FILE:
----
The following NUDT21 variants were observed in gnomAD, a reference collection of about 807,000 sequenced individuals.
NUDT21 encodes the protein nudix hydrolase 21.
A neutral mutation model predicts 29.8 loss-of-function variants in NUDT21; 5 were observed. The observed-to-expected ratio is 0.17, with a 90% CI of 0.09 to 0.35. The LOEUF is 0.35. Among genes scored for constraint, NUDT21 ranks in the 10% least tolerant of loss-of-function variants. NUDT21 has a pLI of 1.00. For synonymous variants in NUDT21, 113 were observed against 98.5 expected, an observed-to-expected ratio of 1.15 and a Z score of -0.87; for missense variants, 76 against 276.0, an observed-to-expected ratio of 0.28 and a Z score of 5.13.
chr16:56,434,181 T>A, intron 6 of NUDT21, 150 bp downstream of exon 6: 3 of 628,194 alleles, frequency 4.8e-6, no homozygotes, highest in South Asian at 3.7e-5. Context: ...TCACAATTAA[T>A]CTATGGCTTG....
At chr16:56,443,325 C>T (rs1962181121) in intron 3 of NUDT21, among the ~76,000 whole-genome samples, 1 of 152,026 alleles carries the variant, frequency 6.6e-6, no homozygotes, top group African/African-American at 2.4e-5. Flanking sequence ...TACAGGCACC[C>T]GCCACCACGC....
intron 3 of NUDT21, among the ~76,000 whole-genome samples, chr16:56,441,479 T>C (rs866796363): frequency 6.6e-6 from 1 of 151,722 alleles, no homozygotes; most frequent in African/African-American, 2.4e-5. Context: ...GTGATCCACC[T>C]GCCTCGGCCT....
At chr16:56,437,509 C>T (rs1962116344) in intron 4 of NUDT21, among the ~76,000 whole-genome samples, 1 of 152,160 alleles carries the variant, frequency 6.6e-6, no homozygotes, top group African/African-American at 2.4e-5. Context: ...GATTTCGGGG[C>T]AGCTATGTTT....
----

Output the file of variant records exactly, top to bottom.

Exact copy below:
The following NUDT21 variants were observed in gnomAD, a reference collection of about 807,000 sequenced individuals.
NUDT21 encodes the protein nudix hydrolase 21.
A neutral mutation model predicts 29.8 loss-of-function variants in NUDT21; 5 were observed. The observed-to-expected ratio is 0.17, with a 90% CI of 0.09 to 0.35. The LOEUF is 0.35. Among genes scored for constraint, NUDT21 ranks in the 10% least tolerant of loss-of-function variants. NUDT21 has a pLI of 1.00. For synonymous variants in NUDT21, 113 were observed against 98.5 expected, an observed-to-expected ratio of 1.15 and a Z score of -0.87; for missense variants, 76 against 276.0, an observed-to-expected ratio of 0.28 and a Z score of 5.13.
chr16:56,434,181 T>A, intron 6 of NUDT21, 150 bp downstream of exon 6: 3 of 628,194 alleles, frequency 4.8e-6, no homozygotes, highest in South Asian at 3.7e-5. Context: ...TCACAATTAA[T>A]CTATGGCTTG....
At chr16:56,443,325 C>T (rs1962181121) in intron 3 of NUDT21, among the ~76,000 whole-genome samples, 1 of 152,026 alleles carries the variant, frequency 6.6e-6, no homozygotes, top group African/African-American at 2.4e-5. Flanking sequence ...TACAGGCACC[C>T]GCCACCACGC....
intron 3 of NUDT21, among the ~76,000 whole-genome samples, chr16:56,441,479 T>C (rs866796363): frequency 6.6e-6 from 1 of 151,722 alleles, no homozygotes; most frequent in African/African-American, 2.4e-5. Context: ...GTGATCCACC[T>C]GCCTCGGCCT....
At chr16:56,437,509 C>T (rs1962116344) in intron 4 of NUDT21, among the ~76,000 whole-genome samples, 1 of 152,160 alleles carries the variant, frequency 6.6e-6, no homozygotes, top group African/African-American at 2.4e-5. Context: ...GATTTCGGGG[C>T]AGCTATGTTT....